“Mighty Times: The Children’s March,” co-produced by the Southern Poverty Law Center and Home Box Office, has received an Academy Award nomination in the Best Documentary Short Subject category.

It joins four other SPLC films that have been nominated, including “A Time for Justice,” which won the Oscar in 1995.

Made by Tell the Truth Pictures, “The Children’s March” tells the story of how the young people of Birmingham, Ala., braved fire hoses and police dogs to help end segregation in 1963.

“The real heroes of the film are the children of Birmingham,” said Jennifer Holladay, director of tolerance education programs at the SPLC. “We hope to inspire new generations with the distribution of this film. It serves as a reminder of the power of youth to change the world, then and now.”

“The Children’s March” is among five films to be nominated in the Best Documentary Short Subject category. Joining it are: “Autism is a World,” “The Children of Leningradsky,” “Hardwood,” and “Sister Rose’s Passion.”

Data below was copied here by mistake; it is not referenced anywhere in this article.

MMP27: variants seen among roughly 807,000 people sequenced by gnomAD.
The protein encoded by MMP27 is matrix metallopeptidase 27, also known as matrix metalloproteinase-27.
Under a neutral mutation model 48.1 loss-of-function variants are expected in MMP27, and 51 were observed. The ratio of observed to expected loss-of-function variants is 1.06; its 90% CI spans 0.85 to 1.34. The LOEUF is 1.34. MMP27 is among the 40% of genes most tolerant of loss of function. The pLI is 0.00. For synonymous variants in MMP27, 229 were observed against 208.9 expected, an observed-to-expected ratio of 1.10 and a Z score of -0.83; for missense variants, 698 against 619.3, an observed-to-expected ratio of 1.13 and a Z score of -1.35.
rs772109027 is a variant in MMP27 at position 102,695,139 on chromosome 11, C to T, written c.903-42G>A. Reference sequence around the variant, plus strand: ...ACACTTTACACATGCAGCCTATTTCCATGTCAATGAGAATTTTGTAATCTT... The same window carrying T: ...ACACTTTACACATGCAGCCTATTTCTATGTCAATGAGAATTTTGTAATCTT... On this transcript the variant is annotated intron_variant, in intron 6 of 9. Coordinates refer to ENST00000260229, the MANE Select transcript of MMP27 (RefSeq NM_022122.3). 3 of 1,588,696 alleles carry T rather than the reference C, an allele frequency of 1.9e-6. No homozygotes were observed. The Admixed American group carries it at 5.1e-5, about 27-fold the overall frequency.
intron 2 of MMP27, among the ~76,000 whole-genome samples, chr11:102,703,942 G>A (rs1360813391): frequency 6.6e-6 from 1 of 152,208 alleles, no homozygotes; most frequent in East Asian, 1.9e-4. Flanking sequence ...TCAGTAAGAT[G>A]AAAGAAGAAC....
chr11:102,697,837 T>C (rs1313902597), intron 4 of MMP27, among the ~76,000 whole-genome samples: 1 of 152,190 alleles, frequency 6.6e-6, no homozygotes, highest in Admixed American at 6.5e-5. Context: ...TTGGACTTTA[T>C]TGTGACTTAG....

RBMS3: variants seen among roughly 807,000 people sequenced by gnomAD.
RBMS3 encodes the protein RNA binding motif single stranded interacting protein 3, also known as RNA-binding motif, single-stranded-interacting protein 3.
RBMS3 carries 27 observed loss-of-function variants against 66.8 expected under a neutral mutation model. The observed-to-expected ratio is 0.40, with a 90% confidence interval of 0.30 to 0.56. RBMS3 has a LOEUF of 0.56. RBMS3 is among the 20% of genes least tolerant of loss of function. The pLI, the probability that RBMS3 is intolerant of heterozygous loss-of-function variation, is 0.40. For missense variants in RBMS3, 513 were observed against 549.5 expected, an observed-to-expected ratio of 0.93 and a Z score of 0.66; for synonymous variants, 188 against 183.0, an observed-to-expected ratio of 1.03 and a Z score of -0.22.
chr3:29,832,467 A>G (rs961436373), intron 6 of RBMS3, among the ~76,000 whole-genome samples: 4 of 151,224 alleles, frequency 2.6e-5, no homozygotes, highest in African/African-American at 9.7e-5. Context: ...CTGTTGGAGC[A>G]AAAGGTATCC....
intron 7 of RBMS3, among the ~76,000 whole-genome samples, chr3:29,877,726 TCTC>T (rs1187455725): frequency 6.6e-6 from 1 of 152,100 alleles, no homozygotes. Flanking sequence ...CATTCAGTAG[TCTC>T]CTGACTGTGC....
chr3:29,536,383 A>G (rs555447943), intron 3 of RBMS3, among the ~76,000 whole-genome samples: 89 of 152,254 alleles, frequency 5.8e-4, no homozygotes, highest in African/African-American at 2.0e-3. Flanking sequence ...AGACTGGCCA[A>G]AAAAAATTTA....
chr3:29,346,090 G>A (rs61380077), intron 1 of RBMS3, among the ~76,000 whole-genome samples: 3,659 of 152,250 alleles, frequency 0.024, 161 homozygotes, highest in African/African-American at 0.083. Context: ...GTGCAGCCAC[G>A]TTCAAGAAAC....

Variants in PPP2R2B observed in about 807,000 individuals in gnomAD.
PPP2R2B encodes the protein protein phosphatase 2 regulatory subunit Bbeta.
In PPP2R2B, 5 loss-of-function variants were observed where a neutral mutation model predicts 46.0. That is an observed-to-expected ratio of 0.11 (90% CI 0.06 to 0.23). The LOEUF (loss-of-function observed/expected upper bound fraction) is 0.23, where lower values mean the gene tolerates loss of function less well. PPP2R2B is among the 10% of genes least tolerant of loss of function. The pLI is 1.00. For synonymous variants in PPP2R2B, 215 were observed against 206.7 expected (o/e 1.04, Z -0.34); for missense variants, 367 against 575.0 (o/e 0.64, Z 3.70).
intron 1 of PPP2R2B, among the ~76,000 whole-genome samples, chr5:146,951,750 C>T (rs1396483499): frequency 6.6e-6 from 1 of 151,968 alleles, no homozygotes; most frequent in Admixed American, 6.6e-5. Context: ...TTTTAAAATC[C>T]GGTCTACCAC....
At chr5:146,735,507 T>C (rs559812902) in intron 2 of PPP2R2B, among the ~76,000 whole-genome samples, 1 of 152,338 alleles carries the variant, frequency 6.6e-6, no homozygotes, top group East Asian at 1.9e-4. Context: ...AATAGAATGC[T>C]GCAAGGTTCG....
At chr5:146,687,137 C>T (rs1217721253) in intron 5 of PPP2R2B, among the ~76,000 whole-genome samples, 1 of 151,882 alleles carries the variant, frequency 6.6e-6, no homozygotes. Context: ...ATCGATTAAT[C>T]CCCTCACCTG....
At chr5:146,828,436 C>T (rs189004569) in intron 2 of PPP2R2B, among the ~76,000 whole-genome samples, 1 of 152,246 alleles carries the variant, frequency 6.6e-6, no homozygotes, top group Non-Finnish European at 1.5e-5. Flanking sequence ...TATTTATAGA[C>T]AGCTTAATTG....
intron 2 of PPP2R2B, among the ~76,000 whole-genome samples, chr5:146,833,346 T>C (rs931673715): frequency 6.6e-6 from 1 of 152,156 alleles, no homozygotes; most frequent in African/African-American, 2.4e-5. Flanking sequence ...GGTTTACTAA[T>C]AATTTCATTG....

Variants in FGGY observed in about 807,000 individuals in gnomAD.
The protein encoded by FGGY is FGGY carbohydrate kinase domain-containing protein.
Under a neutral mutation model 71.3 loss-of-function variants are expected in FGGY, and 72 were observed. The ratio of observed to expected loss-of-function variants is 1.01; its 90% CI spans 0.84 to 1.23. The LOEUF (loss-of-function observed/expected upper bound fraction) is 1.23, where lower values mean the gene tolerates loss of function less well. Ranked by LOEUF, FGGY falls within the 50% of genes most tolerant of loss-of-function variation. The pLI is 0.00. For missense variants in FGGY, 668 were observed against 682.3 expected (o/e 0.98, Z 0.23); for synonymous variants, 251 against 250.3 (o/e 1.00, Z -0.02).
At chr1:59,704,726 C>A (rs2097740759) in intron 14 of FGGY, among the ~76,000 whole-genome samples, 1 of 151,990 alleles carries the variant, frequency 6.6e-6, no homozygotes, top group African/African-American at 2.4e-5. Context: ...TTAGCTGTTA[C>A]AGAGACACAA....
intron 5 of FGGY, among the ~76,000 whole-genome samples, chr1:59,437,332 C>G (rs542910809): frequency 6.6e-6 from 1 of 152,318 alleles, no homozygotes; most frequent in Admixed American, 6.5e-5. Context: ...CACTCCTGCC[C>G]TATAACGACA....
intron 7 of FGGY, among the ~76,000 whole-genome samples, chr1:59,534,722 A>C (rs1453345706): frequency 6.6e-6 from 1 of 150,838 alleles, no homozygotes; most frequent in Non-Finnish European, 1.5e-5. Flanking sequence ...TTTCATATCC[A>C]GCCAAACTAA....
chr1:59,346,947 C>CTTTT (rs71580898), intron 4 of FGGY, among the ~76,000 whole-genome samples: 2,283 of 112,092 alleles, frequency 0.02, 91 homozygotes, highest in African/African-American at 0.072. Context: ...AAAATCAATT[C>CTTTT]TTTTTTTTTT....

The SPLC’s Teaching Tolerance program has released “The Children’s March” as part of a new education kit, free to schools.

The kit includes the 40-minute documentary film, available in VHS or DVD format, with closed-captioning; and a teacher’s guide with nine standards-based lesson plans for social studies, language arts and music. It is designed for middle and upper grades.